An art director is the person who is in charge of the overall look of the game. They have the vision of the whole games atmosphere. They work closely with the game designer in bringing the vision of the game to life. The look of the world is very important; therefore the Art director’s role is a very big responsibility. They must work with a diverse team of other artists, overseeing their work and communicating closely with them so that the game may be developed in the atmosphere the game is to be set.

Art direction for games is an extremely crucial part of their development. Everything from the environment to the characters must be thought and planned out; they must be designed to fit in with the game in specific ways, to enhance the world and atmosphere in general. Certain levels have to have certain moods, and these can be created by carefully deciding on things like colours, lighting, sounds, textures etc. Will it be a scary moment in the game? What can we do to make the player feel scared? Make it dark; make odd shapes and colours stand out in specific ways to lead their attention. Everything must be thought of and carefully tweaked to get the desired effect.

Art direction in games and films are quite similar. For example, the environments can be designed for a specific purpose, for enhancing the story or setting the stage for a particular event. One difference though is the amount of control the art directors have on the audience/gamers point of view. In films, you can control everything, if you want them to look at a certain building, and make the building look important by changing the camera angle, you can do this in a film. You lead the audience where ever you want, and they have only to watch. Also, there is technically less thinking involved when watching a film. In games however, the art director has to think about how the world is viewed from almost every angle. Of course, some games can have fixed camera angles; let’s not forget Resident Evil and Alone in the Dark! They were very much like films, fixing the camera in clever ways that make rooms look bigger, and corridors more imposing.  But the main difference is that the player has a little more freedom to see what they want to see. Therefore, the art director has to make sure that the mood and settings within the world stay the same no matter where the viewer is looking. Obviously in different areas, it can change for effect.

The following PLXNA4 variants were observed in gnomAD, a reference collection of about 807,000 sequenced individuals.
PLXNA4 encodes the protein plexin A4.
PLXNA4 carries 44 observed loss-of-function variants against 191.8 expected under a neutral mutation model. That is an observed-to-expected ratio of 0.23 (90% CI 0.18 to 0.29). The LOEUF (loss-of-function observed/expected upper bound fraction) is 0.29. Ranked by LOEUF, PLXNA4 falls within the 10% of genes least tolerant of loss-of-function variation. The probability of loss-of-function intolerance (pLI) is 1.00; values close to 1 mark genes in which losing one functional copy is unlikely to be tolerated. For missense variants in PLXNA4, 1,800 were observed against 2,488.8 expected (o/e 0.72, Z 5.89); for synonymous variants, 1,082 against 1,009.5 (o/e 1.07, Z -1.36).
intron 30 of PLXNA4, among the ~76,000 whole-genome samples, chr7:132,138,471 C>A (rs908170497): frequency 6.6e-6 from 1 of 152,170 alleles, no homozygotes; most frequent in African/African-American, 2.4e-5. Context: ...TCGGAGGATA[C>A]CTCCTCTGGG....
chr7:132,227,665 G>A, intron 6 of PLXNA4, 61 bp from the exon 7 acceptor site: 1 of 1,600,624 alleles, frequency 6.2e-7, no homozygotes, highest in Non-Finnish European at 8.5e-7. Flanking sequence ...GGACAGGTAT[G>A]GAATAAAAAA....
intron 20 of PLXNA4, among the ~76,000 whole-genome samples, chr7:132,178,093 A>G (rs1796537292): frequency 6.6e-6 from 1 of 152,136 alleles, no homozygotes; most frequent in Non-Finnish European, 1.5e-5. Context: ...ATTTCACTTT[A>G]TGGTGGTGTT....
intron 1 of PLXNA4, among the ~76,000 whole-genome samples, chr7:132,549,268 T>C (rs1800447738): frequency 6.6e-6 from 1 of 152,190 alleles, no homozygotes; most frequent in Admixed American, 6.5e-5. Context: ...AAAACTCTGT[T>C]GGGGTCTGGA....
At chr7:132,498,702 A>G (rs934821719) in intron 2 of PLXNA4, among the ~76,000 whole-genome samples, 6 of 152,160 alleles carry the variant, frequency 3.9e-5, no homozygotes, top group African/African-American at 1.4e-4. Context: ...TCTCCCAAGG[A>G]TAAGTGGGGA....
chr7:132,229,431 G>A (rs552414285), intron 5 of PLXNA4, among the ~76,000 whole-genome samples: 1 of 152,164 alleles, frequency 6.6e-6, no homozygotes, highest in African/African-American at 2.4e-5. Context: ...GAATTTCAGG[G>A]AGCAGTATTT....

To be an art director, I think the key skills are communication, leadership, organisational skills. Also, the ability to evaluate others’ work, and give constructive criticism. I think they would be important since as the art director, you will be leading the other artists, communicating and collaborating with them to achieve the overall goal. I think you would have to have these skills, and have a strong team like approach to the project, respecting each of those on the team, and working together in an organised manner. For me, I think my communication skills may need to be developed a little further. I do have good organisational skills, and I think I would be confident in setting up goals for each person and organising things that way.

Game Design!

Starting from scratch, where on earth do games come from? To most people, they just seem to pop out of no where and land on shop shelves. They don’t realise that originally this game was a thought, a small inspirational idea, or some scribbled notes on some paper.